The Phantasmatics of Fascism


/1/ – The Realness of Fantasy

Guillermo del Toro’s El laberinto del fauno (Pan’s Labyrinth) is an interesting note on fascism as well as the subsequent relation between fiction and politics (discussed somewhat in my entry on Frank Miller’s 300.) On a very basic level Pan’s Labyrinth belongs to a broad series of works involving young girls getting lost in some way or another in fantastic worlds such as Alice in Wonderland, Spirited Away, The Chronicles of Narnia (which incidentally del Toro was offered to direct) and so forth which usually involves a coming of age theme, in which fairly tales are worked through, returning to ‘reality’ in the end.

This is not the case in Pan’s Labyrinth, where, if anything, Ophelia ends up in the fantasy world, if it is in fact a separate place. Kenneth Turan, a reviewer for the New York Times, stated that Pan’s Labyrinth is ‘more real than reality.’ In an interview with NPR, del Toro makes a related comment in that he sees all reality as artifice (Lacanian imaginary anyone?)

Fascism gives an interesting twist to the ‘Father can’t you see that I am burning dream’ in that Zizek argues, following the dream, in a typical Zizekian reversal, ‘reality is for those who can’t sustain the dream.’ If the Truth always has the structure of a fiction, as Lacan says, then is fascism simply the embrace of the horrible kernel that is usually suppressed to give reality its consistency?

The fascist symptom does seem harder to discover than that of the Nazi’s. There is not a particular element to be excised, as in the case of the other totalitarianism, but instead a push for unity in a different direction. One might invoke the fascist need for futurity, whereas the Nazi dream was more strongly tied to the past, to a totality that has broken by a particular exterior element. The literary and artistic movement of futurism was a huge influence on Italian fascism and crystallized the fascist valorization of speed and violence.

/2/ – Automatic and insectoid desires

This fascination with speed and violence leads us towards the efficiency of insects. More often then not totalitarian regimes are portrayed in a way that is mechanical and passionless. The myriad forms the concept of a ‘hive mind’ takes in horror, science fiction and gothic texts directly or indirectly call on fascism in one way or another.

In terms of the insect, the bug embodies a sort of beautiful ugliness, this is a quality which del Toro himself tried to capture in the film and that he experienced such feelings playing in his grandmother’s garden, naming all the insects. This is embodied well in the faeries that disguise themselves as a kind of overgrown grasshopper.

There is a kind of strange coincidence of fascism and insectoid beings in the film Starship Troopers which had a ridiculously over the top satire of war that seemed lost to most of the audiences who watched it. Both the director Paul Verhoeven and the screenwriter Edward Neumeier point out in various commentaries that they wanted to simultaneously parody rampant militarism as well as the fairly new fad, at the time, of embedding journalists into combat. In the DVD commentary Verhoeven makes the comment that ‘war makes fascists of us all.’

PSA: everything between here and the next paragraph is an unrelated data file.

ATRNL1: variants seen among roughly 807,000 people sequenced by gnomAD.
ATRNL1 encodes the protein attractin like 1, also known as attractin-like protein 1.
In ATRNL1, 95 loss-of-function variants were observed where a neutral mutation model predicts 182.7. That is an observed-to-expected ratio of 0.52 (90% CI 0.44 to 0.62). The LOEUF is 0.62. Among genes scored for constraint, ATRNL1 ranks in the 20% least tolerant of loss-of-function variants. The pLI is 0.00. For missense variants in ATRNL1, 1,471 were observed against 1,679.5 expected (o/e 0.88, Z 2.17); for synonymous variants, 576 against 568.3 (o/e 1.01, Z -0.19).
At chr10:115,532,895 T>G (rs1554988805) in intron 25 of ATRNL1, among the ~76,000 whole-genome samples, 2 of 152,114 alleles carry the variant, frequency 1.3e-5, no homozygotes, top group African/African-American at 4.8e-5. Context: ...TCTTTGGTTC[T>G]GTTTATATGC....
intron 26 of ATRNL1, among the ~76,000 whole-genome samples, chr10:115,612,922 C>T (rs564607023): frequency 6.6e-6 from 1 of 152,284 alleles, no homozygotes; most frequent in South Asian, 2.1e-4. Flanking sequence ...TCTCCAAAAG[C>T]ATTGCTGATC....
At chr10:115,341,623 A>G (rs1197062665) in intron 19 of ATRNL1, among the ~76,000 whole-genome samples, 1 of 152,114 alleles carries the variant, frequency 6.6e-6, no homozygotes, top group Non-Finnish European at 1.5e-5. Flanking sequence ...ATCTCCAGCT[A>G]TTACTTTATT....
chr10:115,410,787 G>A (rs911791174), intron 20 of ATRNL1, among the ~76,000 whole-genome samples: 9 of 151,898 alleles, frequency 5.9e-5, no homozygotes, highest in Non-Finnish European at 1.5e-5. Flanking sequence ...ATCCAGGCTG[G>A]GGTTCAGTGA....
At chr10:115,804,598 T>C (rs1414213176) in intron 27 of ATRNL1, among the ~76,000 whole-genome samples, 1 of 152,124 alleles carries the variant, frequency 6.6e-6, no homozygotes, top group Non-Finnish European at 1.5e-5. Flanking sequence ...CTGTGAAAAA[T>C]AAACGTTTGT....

There is a complicated knot invoked here between nationalism, war and hyper-organization. Del Toro has noted that the classic Spanish film The Spirit of the Beehive, which also criticizes Franco’s fascism, was an influence on his work. The film portrays a family wrapped up in tending to their beehives as well as being lost in various fantasies, including the main character’s (also a small girl) fascination with Frankenstien.

There is a kind of implicit or explicit message in several fantastical stories involving children, the injunction to – grow up! or to take 1 Corinthians 13:11 at it’s simplest: “When I was a child, I used to spake as a child, reason like a child; when I became a man, I did away with childish things.” (King James Version). The question becomes – does automatism require a entrapping fantasy or a lack of fantasy, of imagination?

/3/ – The Paranoic monkey wrench

What would be helpful here is to take a cursory look at Lacan’s discussion of paranoid knowledge in the third seminar. Lacan quips ‘The non-duped err’ meaning that those who think they cannot be duped are of course the ones being duped, it is also why when contemporary theorists and politicians state that we are now living in a post ideological age one should immediately recognize that such a statement is ideological par excellance. Non-psychotic paranoia, or what we could deem social paranoia, for Lacan, only differs from regular knowledge production in terms of degree. For Lacan paranoids simply take the arbitrariness of the symbolic order too far and project one’s self outwards subsequently becoming horrified at the degree which, as social subjects, we are always already trapped in the other’s gaze. This act of projection is that which draws us away from the initially alienating yet narcissistic moment of the self recognition, Narcissus at the pool. The act of projection allows us to expand the feeling of alienation to the social level, to realize that we are all alien to one another, and ourselves, and we are fighting over the same objects, not for their intrinsic qualities, but because others desire them.